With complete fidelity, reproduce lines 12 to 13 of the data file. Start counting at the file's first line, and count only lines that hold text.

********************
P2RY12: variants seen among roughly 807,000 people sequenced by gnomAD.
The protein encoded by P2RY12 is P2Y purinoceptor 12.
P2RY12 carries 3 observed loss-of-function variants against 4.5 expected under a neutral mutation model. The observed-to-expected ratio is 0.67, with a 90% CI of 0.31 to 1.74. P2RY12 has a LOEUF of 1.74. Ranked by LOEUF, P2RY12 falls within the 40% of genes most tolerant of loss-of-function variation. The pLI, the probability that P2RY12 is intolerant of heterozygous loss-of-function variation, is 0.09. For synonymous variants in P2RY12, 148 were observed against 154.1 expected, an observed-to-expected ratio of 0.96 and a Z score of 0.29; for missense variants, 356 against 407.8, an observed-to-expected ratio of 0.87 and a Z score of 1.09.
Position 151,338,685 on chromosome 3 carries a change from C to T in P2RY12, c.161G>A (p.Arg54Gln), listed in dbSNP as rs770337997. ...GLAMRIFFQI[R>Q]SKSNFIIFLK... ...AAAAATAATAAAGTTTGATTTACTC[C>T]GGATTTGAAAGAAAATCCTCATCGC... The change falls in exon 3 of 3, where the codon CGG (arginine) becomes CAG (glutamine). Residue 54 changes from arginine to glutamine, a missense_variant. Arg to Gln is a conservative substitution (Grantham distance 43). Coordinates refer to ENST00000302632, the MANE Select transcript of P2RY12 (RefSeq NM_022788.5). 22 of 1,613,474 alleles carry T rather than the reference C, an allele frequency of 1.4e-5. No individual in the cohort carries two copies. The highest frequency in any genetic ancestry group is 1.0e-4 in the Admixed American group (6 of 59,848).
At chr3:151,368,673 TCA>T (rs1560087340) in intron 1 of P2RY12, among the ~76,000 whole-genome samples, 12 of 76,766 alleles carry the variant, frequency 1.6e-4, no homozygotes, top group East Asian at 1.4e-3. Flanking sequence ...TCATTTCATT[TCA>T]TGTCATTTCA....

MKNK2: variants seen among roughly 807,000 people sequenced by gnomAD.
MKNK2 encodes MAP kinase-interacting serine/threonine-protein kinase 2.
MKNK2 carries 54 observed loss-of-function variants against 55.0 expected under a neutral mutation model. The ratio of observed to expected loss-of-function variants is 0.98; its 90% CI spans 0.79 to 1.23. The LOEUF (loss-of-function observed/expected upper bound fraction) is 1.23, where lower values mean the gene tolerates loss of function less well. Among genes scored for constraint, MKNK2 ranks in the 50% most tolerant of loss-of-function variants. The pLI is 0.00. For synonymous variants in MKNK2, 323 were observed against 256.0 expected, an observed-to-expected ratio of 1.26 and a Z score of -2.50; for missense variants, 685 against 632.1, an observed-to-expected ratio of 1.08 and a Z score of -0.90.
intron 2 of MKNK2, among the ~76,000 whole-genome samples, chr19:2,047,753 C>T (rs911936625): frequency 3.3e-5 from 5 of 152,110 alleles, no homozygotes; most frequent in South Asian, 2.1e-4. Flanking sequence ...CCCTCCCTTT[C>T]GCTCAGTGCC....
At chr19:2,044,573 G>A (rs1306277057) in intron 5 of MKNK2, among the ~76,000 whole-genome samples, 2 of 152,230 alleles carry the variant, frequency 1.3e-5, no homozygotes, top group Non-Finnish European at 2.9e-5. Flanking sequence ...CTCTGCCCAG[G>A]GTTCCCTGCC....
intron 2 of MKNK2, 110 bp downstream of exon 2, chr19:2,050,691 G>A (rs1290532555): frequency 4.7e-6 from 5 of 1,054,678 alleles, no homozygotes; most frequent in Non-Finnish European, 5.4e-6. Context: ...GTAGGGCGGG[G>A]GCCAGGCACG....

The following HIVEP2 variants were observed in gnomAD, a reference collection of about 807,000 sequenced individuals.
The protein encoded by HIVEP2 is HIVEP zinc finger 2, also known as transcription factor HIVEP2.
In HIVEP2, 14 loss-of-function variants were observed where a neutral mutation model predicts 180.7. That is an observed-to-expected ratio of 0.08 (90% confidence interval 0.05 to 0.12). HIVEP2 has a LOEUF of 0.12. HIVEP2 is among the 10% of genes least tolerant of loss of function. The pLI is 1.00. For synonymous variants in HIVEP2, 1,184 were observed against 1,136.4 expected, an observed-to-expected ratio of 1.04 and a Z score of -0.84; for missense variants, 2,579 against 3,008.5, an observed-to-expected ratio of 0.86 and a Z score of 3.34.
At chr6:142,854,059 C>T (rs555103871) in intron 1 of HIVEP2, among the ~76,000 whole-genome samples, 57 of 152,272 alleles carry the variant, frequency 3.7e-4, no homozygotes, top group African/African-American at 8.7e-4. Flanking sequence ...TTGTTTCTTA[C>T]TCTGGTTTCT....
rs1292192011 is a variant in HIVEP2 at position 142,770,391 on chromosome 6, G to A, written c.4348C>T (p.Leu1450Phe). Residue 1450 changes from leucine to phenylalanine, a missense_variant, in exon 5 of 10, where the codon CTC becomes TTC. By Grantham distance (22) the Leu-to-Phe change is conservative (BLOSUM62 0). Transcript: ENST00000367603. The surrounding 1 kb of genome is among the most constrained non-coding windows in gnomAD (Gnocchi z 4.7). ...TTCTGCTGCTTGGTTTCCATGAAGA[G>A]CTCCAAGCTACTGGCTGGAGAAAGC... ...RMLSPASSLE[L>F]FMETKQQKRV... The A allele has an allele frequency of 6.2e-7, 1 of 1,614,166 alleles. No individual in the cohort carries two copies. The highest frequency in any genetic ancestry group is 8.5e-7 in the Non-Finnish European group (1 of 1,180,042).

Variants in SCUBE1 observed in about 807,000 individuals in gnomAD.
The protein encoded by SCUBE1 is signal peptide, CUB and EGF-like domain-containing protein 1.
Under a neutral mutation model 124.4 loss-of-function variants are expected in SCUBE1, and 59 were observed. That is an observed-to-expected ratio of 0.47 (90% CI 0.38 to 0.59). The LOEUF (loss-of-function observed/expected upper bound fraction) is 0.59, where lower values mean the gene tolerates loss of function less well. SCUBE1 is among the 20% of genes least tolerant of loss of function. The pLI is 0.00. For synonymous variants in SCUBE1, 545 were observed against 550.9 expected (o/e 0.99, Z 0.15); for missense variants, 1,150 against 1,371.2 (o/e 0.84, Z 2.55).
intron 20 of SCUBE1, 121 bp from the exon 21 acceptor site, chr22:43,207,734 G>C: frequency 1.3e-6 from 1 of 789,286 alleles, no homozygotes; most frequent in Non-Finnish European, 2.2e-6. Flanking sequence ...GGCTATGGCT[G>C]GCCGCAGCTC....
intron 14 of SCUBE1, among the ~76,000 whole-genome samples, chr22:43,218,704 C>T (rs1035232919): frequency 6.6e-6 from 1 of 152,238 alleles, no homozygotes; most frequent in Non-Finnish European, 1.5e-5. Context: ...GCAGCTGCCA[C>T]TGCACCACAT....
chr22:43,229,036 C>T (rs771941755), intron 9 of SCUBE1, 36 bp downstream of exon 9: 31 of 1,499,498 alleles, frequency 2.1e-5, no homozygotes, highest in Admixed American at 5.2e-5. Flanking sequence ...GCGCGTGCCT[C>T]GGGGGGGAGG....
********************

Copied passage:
The following HIVEP2 variants were observed in gnomAD, a reference collection of about 807,000 sequenced individuals.
The protein encoded by HIVEP2 is HIVEP zinc finger 2, also known as transcription factor HIVEP2.